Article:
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Monday, May 27, 2024

Kunstmuseum Stuttgart is Museum of the Year 2021

Editors’ Choice

Last week it was announced that the Kunstmuseum Stuttgart has been selected as Museum of the Year 2021 by the International Association of Art Critics (AICA). It is probably the most important award for an art museum in Germany.

Image above: Kunstmuseum Stuttgart, Photo: Dirk Wilhelmy

The German section of the International Association of Art Critics AICA (Association Internationale des Critiques d’Art), which presented the award, justified its decision, among other things, as follows:

“A particularly broad view of the art world has distinguished the museum in the capital of Baden-Württemberg for years. (…) Both immediate contemporary art and classical modernism come into their own with works by Otto Dix or Willi Baumeister. (…) The global art scene has just as much a stage in the house on Stuttgart’s Schlossplatz as the artistic creativity in the region,” the critics emphasised.

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Kunstmuseum Stuttgart, Photo: Dirk Wilhelmy

The Kunstmuseum Stuttgart, which opened in 2005 and has been directed by Ulrike Groos since 2010, has made a name for itself, according to the AICA critics, with exhibitions that skilfully transcended the conventional boundaries of the art categories. In 2015, this happened with “I Got Rhythm. Art and Jazz since 1920”: Works by African-American artists offered incisive examples of a second modernism that runs parallel to the well-known European art history. The particularly close relationship of the Swiss all-round artist Dieter Roth to language and literature was also the theme of the exhibition.

The important work complexes from the collection of the Stuttgart museum, for example by Dix and Baumeister, Josephine Meckseper or Nevin Aladağ, are presented again and again in special exhibitions under changing themes.

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The Kunstmuseum Stuttgart in the cityscape, Photo: Brigida Gonzáles

The exhibition series “Frischzelle” (Fresh Cell), which started in 2005, is a successful and important field of experimentation for young artists from Baden-Württemberg and is rotated annually.

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Staircase with light installation in the Kunstmuseum Stuttgart, Photo: Brigida González

With the exhibition on the role of the Stuttgart Art Museum under National Socialism, which attracted nationwide attention, the museum also confronted the dark chapter of its history in 2020, which began with an extensive donation in 1924. Active provenance research inquires into the problematic origins of some of the artworks that changed hands among the more than 15,000 pieces in the Stuttgart collection during the Nazi era.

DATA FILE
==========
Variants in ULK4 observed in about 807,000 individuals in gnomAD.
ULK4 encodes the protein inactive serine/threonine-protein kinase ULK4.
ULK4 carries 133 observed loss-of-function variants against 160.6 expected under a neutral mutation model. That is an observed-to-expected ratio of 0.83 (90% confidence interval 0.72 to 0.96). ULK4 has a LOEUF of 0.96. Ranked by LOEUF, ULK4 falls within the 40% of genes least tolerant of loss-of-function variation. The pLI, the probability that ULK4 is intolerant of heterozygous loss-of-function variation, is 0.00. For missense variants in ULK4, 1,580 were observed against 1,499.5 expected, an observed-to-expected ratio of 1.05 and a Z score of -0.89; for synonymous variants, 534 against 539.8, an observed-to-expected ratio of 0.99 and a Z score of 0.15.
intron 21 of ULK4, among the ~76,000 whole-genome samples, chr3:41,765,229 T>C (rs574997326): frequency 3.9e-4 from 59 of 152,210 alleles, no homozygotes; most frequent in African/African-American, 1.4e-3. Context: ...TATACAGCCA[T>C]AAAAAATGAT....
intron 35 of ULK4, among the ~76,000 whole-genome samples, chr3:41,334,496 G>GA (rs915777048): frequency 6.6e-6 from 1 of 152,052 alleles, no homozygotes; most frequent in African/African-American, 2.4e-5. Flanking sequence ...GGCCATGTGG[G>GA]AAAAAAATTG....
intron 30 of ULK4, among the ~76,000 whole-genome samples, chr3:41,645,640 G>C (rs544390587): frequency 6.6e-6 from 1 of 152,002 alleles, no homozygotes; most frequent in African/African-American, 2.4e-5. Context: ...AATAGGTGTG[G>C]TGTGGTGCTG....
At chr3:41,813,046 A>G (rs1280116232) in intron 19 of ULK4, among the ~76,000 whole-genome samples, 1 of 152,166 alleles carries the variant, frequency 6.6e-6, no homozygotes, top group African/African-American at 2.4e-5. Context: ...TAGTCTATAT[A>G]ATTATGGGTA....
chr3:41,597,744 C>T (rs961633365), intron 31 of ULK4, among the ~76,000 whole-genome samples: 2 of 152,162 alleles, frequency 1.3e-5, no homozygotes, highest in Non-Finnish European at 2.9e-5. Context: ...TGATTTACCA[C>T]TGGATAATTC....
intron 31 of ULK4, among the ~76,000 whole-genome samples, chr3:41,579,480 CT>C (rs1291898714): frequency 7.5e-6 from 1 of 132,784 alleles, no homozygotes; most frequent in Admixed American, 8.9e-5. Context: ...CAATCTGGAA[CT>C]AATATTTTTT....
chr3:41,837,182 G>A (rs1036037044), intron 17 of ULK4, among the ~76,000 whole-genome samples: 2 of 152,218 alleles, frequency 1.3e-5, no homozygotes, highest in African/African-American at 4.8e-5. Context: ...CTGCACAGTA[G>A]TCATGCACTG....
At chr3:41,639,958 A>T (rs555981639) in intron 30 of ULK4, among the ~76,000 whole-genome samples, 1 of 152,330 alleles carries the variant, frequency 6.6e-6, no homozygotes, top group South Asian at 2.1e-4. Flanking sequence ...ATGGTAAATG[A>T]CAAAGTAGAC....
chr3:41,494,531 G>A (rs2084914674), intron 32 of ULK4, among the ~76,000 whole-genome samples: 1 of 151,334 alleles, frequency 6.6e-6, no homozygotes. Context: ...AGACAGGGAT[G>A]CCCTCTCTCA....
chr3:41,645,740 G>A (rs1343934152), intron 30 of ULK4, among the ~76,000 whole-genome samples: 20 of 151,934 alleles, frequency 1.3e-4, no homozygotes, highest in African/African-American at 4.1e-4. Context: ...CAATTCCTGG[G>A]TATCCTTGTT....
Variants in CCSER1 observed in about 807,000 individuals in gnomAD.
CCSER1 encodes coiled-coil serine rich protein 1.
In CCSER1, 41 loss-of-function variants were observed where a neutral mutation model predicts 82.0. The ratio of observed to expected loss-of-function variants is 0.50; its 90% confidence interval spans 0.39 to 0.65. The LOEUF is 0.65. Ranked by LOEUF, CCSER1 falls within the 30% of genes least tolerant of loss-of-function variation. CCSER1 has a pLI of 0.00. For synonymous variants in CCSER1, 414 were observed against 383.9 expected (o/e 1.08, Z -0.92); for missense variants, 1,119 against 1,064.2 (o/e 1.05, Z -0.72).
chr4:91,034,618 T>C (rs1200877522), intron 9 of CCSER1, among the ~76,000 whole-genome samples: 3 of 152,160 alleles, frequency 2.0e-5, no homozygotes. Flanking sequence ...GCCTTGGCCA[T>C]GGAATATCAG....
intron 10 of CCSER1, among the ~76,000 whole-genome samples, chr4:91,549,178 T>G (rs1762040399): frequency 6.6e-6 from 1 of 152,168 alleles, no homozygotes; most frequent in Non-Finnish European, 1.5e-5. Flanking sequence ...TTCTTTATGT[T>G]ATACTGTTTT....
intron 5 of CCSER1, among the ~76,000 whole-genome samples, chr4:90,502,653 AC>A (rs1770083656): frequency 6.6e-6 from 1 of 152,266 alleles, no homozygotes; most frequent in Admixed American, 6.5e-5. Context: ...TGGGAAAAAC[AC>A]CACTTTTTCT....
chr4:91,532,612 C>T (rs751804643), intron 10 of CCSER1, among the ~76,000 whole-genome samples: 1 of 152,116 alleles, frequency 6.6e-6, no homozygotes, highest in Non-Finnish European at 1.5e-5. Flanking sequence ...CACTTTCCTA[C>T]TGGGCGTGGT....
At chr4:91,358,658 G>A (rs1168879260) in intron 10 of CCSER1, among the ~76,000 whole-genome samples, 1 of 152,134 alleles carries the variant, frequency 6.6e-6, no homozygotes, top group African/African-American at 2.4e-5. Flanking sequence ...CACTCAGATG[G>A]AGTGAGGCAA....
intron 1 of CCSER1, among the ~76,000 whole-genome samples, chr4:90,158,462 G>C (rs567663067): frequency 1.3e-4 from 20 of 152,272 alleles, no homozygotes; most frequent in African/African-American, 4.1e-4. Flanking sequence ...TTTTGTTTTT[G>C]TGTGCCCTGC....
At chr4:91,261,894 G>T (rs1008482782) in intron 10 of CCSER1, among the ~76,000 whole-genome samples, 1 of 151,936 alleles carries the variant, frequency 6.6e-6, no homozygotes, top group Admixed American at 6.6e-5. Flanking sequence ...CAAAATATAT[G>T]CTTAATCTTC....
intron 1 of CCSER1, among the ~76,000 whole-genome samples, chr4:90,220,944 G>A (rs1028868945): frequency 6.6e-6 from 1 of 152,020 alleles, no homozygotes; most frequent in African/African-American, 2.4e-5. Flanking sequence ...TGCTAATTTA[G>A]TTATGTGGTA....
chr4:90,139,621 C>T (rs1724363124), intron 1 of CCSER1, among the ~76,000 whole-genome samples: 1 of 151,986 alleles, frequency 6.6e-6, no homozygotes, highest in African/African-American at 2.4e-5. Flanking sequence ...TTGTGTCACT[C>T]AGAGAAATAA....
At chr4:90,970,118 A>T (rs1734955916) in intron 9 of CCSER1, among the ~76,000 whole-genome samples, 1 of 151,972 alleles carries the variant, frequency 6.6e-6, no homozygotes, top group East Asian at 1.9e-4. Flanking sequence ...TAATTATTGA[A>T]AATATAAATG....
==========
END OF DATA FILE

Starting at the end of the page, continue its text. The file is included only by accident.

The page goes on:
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Glasfassade des Kunstmuseums Stuttgart, Foto: Brigida González

The artistic work of women is another important accent of the constant expansion of the collection and the exhibition policy of the museum. In 2016, for example, the Johannesburg-born artist Candice Breitz let refugees from all over the world have their say in her video project “Love Story” at the Stuttgart Kunstmuseum.

From 19 February 2022 (on view until 10 July 2022), Gertrud Louise Goldschmidt (“Gego”), who was born in 1912 and died in 1994 as an emigrant in Venezuela, will make her solo appearance in the museum of the Baden-Württemberg state capital under the title “The Architecture of an Artist”.

“I am simply delighted – and proud – of this recognition for my team and myself for our work over the last few years,” says Ulrike Groos, director of the Kunstmuseum Stuttgart about today’s news from the association.

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Dr. Ulrike Groos, Photo: Gerald Ulmann

The AICA (Association Internationale des Critiques d’Art), based in Paris, was founded in 1948/49 and recognised by UNESCO as a non-governmental organisation in 1951. It has national sections with more than 5000 members in 95 countries. The purpose of the association is to promote the influence of art criticism, to safeguard the professional interests of art critics and to facilitate and improve information and international exchange in the field of visual arts. The German section of the AICA was founded in Cologne in 1951, today has about 200 members and annually awards the Museum of the Year, Exhibition of the Year and Special Exhibition.

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Stuttgart Art Museum in the evening, Photo: Dirk Wilhelmy

Past recipients of the Museum of the Year title include the Bauhaus Museum Dessau (2020), the Folkwang Museum in Essen (2019), the Sprengel Museum in Hanover (2017), the Städel Museum in Frankfurt am Main (2012) and the Kunstsammlungen Chemnitz (2010).


Tue till Sun 10 am – 6 pm
Fri 10-21 h
Mon closed


Kleiner Schloßplatz 1, 70173 Stuttgart


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